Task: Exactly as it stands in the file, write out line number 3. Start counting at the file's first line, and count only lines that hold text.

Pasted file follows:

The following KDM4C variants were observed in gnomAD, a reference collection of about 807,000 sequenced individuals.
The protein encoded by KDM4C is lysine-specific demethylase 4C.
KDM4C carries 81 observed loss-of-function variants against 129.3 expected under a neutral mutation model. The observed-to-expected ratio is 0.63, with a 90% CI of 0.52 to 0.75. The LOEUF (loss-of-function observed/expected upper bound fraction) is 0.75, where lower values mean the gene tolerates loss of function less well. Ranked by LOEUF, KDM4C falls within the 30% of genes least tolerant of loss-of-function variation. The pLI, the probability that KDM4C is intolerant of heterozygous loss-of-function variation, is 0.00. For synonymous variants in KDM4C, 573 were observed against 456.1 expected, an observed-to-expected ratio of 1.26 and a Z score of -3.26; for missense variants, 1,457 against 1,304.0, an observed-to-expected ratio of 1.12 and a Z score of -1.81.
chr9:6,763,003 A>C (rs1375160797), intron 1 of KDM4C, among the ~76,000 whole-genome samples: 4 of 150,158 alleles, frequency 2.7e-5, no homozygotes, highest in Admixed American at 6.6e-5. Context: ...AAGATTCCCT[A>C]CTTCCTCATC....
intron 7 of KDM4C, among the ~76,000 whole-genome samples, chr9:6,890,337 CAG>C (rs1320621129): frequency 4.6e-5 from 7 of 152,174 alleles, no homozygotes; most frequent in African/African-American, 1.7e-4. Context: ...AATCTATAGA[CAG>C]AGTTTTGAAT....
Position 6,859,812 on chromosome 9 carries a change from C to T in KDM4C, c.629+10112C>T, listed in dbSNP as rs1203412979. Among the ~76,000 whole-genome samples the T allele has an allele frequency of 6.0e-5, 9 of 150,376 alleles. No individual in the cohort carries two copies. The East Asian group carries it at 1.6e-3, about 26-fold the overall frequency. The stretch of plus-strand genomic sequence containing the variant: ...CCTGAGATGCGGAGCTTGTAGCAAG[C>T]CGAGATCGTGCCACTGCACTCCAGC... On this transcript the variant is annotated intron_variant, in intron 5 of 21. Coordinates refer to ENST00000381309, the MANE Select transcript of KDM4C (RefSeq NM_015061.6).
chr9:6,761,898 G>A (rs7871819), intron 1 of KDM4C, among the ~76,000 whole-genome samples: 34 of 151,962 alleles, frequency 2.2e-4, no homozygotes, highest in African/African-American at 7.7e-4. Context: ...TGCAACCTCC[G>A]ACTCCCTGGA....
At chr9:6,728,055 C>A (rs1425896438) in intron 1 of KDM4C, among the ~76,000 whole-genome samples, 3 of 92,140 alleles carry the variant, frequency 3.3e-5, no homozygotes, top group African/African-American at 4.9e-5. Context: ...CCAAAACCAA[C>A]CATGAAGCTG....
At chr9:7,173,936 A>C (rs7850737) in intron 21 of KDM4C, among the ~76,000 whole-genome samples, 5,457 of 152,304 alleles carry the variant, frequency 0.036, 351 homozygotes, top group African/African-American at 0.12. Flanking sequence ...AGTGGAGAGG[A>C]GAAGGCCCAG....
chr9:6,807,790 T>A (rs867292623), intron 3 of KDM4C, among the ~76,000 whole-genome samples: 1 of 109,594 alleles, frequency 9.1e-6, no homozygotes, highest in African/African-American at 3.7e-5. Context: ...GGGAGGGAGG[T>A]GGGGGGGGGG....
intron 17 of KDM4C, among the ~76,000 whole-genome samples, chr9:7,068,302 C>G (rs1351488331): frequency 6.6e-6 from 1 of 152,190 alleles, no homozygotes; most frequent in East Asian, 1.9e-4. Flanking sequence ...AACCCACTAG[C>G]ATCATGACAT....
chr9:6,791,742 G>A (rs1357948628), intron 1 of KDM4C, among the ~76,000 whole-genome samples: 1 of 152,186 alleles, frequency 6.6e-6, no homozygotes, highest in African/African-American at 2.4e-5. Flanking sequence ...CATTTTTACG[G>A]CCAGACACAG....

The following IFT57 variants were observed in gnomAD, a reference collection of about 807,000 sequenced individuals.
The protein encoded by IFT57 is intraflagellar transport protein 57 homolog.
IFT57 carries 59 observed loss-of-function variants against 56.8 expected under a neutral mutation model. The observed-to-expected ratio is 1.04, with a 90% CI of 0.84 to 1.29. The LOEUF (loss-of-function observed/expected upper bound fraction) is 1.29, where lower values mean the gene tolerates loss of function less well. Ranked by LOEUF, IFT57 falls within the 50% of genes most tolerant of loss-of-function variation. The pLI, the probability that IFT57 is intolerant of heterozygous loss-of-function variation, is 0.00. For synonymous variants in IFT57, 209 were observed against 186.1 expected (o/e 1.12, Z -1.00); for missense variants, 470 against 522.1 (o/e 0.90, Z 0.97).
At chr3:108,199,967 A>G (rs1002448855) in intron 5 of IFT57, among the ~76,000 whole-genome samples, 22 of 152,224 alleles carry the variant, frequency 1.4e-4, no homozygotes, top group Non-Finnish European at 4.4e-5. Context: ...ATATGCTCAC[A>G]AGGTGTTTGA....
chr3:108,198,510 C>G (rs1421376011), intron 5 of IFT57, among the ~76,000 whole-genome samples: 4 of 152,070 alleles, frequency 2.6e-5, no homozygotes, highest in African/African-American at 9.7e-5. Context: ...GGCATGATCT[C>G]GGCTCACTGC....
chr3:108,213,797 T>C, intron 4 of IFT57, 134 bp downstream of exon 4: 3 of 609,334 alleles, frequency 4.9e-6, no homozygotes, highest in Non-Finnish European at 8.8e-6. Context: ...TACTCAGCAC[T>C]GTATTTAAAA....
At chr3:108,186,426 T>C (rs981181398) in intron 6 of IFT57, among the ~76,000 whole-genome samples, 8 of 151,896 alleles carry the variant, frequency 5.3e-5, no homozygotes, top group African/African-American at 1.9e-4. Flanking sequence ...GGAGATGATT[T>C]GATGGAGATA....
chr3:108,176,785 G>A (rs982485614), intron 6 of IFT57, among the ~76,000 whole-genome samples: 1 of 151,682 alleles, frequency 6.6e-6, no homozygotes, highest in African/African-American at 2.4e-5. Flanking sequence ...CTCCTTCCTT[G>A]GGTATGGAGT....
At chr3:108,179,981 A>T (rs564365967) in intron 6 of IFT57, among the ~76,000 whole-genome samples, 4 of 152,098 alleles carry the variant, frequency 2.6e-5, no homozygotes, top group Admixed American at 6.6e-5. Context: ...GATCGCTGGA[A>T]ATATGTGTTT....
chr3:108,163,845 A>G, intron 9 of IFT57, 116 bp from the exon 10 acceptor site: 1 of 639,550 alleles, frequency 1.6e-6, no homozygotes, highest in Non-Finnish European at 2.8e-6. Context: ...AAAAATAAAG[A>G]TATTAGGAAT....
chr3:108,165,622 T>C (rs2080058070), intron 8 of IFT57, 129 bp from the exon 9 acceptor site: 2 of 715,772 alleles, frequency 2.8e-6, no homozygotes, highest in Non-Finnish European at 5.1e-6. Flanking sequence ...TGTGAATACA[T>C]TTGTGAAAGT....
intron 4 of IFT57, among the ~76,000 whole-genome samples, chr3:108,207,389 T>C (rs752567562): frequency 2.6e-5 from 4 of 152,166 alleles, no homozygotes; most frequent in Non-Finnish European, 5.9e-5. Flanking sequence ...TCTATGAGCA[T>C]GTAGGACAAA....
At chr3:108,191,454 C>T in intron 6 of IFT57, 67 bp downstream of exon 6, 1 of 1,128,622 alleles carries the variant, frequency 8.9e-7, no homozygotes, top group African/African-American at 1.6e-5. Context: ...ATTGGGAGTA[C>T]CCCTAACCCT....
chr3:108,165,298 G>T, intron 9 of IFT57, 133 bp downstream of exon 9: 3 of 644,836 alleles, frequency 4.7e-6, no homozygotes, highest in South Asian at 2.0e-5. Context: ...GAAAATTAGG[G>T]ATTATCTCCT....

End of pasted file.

KDM4C carries 81 observed loss-of-function variants against 129.3 expected under a neutral mutation model. The observed-to-expected ratio is 0.63, with a 90% CI of 0.52 to 0.75. The LOEUF (loss-of-function observed/expected upper bound fraction) is 0.75, where lower values mean the gene tolerates loss of function less well. Ranked by LOEUF, KDM4C falls within the 30% of genes least tolerant of loss-of-function variation. The pLI, the probability that KDM4C is intolerant of heterozygous loss-of-function variation, is 0.00. For synonymous variants in KDM4C, 573 were observed against 456.1 expected, an observed-to-expected ratio of 1.26 and a Z score of -3.26; for missense variants, 1,457 against 1,304.0, an observed-to-expected ratio of 1.12 and a Z score of -1.81.